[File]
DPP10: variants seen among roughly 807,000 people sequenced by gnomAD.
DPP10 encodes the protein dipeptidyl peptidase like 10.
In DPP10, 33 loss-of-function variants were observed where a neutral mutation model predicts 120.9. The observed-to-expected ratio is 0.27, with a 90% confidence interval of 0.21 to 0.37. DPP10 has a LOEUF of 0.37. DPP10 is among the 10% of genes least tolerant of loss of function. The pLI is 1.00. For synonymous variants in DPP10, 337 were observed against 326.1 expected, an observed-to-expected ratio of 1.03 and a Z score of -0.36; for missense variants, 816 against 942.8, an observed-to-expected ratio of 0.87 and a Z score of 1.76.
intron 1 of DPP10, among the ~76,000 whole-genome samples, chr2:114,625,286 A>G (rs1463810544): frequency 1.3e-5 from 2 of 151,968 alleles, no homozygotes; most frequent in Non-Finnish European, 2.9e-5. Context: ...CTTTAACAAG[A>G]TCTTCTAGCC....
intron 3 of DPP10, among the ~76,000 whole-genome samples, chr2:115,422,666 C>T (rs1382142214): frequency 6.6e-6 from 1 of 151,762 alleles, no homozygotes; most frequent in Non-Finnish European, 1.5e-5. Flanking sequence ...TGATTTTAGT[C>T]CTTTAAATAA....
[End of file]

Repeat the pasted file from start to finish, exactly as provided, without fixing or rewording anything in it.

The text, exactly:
DPP10: variants seen among roughly 807,000 people sequenced by gnomAD.
DPP10 encodes the protein dipeptidyl peptidase like 10.
In DPP10, 33 loss-of-function variants were observed where a neutral mutation model predicts 120.9. The observed-to-expected ratio is 0.27, with a 90% confidence interval of 0.21 to 0.37. DPP10 has a LOEUF of 0.37. DPP10 is among the 10% of genes least tolerant of loss of function. The pLI is 1.00. For synonymous variants in DPP10, 337 were observed against 326.1 expected, an observed-to-expected ratio of 1.03 and a Z score of -0.36; for missense variants, 816 against 942.8, an observed-to-expected ratio of 0.87 and a Z score of 1.76.
intron 1 of DPP10, among the ~76,000 whole-genome samples, chr2:114,625,286 A>G (rs1463810544): frequency 1.3e-5 from 2 of 151,968 alleles, no homozygotes; most frequent in Non-Finnish European, 2.9e-5. Context: ...CTTTAACAAG[A>G]TCTTCTAGCC....
intron 3 of DPP10, among the ~76,000 whole-genome samples, chr2:115,422,666 C>T (rs1382142214): frequency 6.6e-6 from 1 of 151,762 alleles, no homozygotes; most frequent in Non-Finnish European, 1.5e-5. Flanking sequence ...TGATTTTAGT[C>T]CTTTAAATAA....